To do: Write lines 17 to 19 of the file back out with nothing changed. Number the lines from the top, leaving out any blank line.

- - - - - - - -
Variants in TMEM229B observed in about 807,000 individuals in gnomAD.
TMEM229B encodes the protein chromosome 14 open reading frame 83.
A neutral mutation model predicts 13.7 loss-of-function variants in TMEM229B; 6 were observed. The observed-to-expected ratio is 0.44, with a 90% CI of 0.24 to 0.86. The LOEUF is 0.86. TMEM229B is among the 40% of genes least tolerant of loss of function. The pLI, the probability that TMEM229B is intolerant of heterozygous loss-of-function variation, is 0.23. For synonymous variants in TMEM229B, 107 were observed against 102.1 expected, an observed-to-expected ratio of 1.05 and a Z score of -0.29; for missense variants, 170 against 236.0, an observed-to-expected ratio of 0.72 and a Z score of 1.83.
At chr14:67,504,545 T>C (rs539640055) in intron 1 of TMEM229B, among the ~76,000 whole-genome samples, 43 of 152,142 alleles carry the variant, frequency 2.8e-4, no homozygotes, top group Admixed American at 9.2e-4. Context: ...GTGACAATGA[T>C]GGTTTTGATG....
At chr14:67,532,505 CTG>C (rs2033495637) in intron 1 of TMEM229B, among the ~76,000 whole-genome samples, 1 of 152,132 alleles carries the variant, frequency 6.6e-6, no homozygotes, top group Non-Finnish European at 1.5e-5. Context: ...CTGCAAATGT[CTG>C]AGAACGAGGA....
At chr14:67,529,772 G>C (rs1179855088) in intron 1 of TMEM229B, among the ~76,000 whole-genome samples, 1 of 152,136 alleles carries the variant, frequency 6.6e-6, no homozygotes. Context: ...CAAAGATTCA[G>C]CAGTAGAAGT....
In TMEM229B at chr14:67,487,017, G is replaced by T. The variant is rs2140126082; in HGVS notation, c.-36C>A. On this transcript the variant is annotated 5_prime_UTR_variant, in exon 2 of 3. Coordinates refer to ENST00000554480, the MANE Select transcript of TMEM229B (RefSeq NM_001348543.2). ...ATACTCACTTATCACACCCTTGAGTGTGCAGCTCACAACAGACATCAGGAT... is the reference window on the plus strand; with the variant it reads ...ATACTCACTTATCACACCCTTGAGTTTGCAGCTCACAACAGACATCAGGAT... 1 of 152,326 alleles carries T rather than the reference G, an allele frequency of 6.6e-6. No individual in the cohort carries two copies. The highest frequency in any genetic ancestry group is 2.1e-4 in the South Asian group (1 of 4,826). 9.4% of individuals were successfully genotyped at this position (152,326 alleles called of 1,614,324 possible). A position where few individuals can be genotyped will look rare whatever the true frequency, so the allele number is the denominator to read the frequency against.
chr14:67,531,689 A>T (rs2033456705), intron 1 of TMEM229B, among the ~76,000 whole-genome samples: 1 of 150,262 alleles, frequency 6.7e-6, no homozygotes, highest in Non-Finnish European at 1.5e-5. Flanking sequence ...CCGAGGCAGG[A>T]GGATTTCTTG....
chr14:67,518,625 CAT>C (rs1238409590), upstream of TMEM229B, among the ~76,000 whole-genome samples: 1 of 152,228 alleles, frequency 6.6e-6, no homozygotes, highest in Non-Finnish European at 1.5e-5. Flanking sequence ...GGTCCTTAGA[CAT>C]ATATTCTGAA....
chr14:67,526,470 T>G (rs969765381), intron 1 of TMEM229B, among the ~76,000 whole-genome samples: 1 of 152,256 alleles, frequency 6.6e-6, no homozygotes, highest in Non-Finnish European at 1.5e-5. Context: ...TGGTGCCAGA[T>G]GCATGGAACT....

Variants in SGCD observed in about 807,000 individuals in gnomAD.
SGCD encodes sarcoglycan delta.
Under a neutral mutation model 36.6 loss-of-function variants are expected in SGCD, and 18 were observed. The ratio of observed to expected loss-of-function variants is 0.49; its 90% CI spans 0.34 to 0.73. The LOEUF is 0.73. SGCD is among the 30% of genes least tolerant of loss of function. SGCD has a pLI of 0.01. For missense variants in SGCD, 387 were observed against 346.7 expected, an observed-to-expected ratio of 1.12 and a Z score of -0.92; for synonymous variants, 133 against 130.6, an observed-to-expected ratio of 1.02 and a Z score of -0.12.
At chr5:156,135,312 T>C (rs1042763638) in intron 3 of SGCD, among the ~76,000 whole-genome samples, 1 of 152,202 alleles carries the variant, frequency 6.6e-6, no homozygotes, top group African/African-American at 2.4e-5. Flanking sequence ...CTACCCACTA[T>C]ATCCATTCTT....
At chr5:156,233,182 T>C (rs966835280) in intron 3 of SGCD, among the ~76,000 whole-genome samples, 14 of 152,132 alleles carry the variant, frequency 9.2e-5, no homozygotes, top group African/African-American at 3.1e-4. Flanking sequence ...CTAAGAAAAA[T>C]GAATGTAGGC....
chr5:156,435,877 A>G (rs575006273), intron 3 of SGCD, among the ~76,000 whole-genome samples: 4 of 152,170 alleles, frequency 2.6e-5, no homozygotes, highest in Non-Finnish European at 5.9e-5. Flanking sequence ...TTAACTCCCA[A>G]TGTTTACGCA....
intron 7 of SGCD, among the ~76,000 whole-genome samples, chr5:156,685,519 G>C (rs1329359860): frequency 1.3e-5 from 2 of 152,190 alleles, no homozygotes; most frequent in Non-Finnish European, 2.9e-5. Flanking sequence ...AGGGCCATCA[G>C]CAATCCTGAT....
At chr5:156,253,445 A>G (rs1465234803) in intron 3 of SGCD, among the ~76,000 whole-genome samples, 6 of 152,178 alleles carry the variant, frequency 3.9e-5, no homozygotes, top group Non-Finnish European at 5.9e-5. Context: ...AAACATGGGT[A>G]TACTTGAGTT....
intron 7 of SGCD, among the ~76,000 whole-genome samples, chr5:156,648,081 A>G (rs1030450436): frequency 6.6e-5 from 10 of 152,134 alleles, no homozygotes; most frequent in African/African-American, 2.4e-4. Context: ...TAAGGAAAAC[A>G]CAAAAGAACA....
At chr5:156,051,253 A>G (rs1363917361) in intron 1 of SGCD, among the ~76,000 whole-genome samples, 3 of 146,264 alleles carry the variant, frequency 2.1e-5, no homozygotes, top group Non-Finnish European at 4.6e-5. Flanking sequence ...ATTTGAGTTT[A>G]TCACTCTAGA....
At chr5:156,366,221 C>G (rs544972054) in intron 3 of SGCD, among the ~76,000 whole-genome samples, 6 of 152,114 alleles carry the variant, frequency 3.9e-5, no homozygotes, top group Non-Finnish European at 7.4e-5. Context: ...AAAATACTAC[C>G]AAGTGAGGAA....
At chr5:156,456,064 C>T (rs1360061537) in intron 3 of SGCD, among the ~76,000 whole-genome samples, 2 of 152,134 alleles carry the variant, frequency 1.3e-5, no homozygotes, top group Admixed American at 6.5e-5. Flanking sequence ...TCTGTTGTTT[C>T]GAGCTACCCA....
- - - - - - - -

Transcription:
intron 7 of SGCD, among the ~76,000 whole-genome samples, chr5:156,685,519 G>C (rs1329359860): frequency 1.3e-5 from 2 of 152,190 alleles, no homozygotes; most frequent in Non-Finnish European, 2.9e-5. Flanking sequence ...AGGGCCATCA[G>C]CAATCCTGAT....
At chr5:156,253,445 A>G (rs1465234803) in intron 3 of SGCD, among the ~76,000 whole-genome samples, 6 of 152,178 alleles carry the variant, frequency 3.9e-5, no homozygotes, top group Non-Finnish European at 5.9e-5. Context: ...AAACATGGGT[A>G]TACTTGAGTT....
intron 7 of SGCD, among the ~76,000 whole-genome samples, chr5:156,648,081 A>G (rs1030450436): frequency 6.6e-5 from 10 of 152,134 alleles, no homozygotes; most frequent in African/African-American, 2.4e-4. Context: ...TAAGGAAAAC[A>G]CAAAAGAACA....